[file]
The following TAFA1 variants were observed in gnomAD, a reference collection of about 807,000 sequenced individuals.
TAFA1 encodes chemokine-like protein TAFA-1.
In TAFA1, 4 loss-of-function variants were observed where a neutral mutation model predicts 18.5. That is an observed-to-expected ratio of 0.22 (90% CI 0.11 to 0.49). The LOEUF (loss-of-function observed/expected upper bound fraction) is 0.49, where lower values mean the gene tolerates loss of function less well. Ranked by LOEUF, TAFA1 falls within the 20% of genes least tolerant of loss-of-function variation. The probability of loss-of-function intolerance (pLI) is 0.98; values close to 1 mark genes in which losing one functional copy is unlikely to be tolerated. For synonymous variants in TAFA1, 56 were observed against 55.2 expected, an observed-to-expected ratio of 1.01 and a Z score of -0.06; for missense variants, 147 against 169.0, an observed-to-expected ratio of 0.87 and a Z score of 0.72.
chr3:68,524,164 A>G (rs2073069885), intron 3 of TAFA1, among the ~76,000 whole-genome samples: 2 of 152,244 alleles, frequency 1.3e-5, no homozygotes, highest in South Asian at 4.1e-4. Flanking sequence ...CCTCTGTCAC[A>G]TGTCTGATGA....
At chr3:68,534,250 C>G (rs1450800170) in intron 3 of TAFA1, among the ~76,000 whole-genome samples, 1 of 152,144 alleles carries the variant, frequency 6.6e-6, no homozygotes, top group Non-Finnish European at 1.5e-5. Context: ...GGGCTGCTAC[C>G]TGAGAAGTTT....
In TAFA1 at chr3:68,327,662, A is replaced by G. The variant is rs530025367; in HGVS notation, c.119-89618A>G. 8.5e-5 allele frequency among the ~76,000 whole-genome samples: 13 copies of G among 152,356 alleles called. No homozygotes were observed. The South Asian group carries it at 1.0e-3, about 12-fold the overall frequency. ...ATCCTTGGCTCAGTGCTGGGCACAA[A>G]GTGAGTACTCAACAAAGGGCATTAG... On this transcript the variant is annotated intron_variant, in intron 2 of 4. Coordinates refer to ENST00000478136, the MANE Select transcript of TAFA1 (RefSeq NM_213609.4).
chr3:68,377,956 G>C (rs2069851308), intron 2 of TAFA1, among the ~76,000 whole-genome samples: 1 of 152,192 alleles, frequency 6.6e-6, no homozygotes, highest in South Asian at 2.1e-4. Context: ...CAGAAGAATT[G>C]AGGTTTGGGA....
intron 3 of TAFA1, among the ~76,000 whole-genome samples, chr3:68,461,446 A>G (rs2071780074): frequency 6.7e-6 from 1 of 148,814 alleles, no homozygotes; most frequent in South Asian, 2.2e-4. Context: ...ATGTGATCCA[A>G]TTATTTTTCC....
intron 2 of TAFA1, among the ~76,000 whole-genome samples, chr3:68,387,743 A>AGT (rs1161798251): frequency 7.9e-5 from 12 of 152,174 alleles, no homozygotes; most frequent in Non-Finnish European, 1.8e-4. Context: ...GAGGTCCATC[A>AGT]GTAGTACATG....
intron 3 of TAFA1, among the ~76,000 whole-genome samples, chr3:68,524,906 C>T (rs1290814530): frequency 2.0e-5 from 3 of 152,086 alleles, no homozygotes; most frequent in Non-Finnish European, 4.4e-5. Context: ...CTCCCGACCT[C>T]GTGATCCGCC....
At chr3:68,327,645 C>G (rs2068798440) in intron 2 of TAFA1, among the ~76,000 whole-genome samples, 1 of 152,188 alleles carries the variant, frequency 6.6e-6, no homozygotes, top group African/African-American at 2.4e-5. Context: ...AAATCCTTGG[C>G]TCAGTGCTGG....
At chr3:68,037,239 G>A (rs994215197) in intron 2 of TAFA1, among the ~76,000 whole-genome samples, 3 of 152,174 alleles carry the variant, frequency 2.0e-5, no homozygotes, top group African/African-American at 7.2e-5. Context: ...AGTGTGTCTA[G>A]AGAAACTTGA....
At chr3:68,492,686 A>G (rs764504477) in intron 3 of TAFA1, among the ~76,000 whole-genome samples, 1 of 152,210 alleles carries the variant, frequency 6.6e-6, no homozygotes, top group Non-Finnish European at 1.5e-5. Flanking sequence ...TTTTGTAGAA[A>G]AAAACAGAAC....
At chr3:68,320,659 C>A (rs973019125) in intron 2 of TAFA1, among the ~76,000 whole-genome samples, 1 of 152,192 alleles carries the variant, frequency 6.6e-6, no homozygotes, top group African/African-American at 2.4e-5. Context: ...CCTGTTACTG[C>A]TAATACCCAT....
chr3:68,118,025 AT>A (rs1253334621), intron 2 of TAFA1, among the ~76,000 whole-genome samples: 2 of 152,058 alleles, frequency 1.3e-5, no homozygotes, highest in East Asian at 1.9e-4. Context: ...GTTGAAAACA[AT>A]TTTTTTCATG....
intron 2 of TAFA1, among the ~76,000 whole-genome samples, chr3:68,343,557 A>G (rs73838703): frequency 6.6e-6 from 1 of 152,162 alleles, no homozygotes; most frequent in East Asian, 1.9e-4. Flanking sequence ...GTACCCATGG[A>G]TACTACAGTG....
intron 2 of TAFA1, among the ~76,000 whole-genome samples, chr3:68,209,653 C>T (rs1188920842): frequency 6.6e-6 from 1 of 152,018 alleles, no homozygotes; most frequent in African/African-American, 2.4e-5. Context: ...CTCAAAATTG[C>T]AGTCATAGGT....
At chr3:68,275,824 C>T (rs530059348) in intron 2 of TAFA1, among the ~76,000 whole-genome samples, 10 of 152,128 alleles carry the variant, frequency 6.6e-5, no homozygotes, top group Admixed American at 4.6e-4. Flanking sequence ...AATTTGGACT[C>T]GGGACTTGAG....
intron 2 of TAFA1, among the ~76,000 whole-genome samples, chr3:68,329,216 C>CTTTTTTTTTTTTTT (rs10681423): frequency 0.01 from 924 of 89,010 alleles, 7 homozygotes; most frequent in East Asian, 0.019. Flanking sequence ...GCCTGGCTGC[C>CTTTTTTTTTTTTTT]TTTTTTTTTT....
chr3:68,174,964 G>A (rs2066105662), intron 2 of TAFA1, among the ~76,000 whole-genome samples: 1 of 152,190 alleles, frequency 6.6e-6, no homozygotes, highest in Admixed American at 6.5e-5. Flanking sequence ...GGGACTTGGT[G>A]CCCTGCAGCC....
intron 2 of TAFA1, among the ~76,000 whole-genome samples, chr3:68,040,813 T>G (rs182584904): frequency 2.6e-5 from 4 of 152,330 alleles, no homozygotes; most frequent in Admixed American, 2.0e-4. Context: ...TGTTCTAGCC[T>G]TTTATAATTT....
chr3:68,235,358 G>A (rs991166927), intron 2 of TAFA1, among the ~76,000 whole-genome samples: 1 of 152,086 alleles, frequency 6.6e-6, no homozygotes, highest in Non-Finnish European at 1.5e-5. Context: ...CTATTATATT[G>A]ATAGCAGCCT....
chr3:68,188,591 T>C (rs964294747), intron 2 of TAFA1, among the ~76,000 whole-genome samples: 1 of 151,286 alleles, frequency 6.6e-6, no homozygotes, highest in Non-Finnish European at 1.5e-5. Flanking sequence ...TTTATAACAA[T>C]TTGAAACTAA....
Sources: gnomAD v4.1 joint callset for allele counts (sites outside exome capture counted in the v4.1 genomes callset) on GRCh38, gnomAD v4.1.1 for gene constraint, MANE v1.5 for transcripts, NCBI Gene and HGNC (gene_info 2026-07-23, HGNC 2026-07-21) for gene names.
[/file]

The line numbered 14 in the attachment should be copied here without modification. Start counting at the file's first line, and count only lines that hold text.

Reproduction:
At chr3:68,320,659 C>A (rs973019125) in intron 2 of TAFA1, among the ~76,000 whole-genome samples, 1 of 152,192 alleles carries the variant, frequency 6.6e-6, no homozygotes, top group African/African-American at 2.4e-5. Context: ...CCTGTTACTG[C>A]TAATACCCAT....